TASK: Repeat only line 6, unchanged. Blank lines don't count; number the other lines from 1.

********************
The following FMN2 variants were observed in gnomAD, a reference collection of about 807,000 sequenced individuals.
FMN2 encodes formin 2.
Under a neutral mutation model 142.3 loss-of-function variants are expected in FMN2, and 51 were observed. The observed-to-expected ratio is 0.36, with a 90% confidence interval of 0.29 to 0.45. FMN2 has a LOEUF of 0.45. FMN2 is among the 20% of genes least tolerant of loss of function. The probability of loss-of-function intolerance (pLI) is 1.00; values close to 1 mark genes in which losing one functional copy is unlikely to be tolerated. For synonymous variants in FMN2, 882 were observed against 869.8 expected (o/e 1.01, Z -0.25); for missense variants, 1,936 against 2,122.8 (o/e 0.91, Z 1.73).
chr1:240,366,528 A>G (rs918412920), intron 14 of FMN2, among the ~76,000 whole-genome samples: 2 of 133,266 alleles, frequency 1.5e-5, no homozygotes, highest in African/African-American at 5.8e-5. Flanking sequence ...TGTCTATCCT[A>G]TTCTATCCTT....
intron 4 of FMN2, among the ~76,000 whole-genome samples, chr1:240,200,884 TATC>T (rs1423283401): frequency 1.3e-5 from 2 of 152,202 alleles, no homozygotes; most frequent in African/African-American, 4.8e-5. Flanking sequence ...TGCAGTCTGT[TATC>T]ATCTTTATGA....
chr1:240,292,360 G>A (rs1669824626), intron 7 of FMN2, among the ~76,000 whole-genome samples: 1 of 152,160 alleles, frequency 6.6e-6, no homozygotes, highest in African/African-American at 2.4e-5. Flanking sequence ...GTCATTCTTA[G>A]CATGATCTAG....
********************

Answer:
chr1:240,292,360 G>A (rs1669824626), intron 7 of FMN2, among the ~76,000 whole-genome samples: 1 of 152,160 alleles, frequency 6.6e-6, no homozygotes, highest in African/African-American at 2.4e-5. Flanking sequence ...GTCATTCTTA[G>A]CATGATCTAG....